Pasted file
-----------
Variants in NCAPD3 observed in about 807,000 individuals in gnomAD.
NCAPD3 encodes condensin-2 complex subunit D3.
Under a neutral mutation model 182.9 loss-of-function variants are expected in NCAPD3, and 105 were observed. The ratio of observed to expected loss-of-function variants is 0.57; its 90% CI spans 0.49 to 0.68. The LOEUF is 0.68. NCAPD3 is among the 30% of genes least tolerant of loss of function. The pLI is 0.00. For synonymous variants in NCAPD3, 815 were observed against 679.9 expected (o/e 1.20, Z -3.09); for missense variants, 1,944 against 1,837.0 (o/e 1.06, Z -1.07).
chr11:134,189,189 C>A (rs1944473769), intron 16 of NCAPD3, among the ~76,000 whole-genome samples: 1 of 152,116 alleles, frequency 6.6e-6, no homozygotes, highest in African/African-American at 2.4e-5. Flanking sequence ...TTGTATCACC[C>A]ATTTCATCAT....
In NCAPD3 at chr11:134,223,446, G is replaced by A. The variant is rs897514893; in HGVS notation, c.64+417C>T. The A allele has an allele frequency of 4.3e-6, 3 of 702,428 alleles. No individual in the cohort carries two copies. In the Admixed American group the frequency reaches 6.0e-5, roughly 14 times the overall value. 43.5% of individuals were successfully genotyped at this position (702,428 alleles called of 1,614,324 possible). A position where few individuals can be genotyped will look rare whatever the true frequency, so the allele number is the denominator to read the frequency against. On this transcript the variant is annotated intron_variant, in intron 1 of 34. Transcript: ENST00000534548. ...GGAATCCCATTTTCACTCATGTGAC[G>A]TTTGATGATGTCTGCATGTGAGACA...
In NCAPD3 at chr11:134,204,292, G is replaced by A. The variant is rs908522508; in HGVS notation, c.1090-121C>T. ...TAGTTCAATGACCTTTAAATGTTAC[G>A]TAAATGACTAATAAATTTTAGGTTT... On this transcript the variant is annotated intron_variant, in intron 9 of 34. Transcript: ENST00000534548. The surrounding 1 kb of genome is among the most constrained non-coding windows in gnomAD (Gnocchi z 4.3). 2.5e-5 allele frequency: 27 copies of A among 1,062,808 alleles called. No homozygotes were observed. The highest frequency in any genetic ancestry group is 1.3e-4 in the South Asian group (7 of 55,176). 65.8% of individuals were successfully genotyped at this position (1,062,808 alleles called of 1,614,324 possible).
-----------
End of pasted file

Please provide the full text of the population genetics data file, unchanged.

Variants in NCAPD3 observed in about 807,000 individuals in gnomAD.
NCAPD3 encodes condensin-2 complex subunit D3.
Under a neutral mutation model 182.9 loss-of-function variants are expected in NCAPD3, and 105 were observed. The ratio of observed to expected loss-of-function variants is 0.57; its 90% CI spans 0.49 to 0.68. The LOEUF is 0.68. NCAPD3 is among the 30% of genes least tolerant of loss of function. The pLI is 0.00. For synonymous variants in NCAPD3, 815 were observed against 679.9 expected (o/e 1.20, Z -3.09); for missense variants, 1,944 against 1,837.0 (o/e 1.06, Z -1.07).
chr11:134,189,189 C>A (rs1944473769), intron 16 of NCAPD3, among the ~76,000 whole-genome samples: 1 of 152,116 alleles, frequency 6.6e-6, no homozygotes, highest in African/African-American at 2.4e-5. Flanking sequence ...TTGTATCACC[C>A]ATTTCATCAT....
In NCAPD3 at chr11:134,223,446, G is replaced by A. The variant is rs897514893; in HGVS notation, c.64+417C>T. The A allele has an allele frequency of 4.3e-6, 3 of 702,428 alleles. No individual in the cohort carries two copies. In the Admixed American group the frequency reaches 6.0e-5, roughly 14 times the overall value. 43.5% of individuals were successfully genotyped at this position (702,428 alleles called of 1,614,324 possible). A position where few individuals can be genotyped will look rare whatever the true frequency, so the allele number is the denominator to read the frequency against. On this transcript the variant is annotated intron_variant, in intron 1 of 34. Transcript: ENST00000534548. ...GGAATCCCATTTTCACTCATGTGAC[G>A]TTTGATGATGTCTGCATGTGAGACA...
In NCAPD3 at chr11:134,204,292, G is replaced by A. The variant is rs908522508; in HGVS notation, c.1090-121C>T. ...TAGTTCAATGACCTTTAAATGTTAC[G>A]TAAATGACTAATAAATTTTAGGTTT... On this transcript the variant is annotated intron_variant, in intron 9 of 34. Transcript: ENST00000534548. The surrounding 1 kb of genome is among the most constrained non-coding windows in gnomAD (Gnocchi z 4.3). 2.5e-5 allele frequency: 27 copies of A among 1,062,808 alleles called. No homozygotes were observed. The highest frequency in any genetic ancestry group is 1.3e-4 in the South Asian group (7 of 55,176). 65.8% of individuals were successfully genotyped at this position (1,062,808 alleles called of 1,614,324 possible).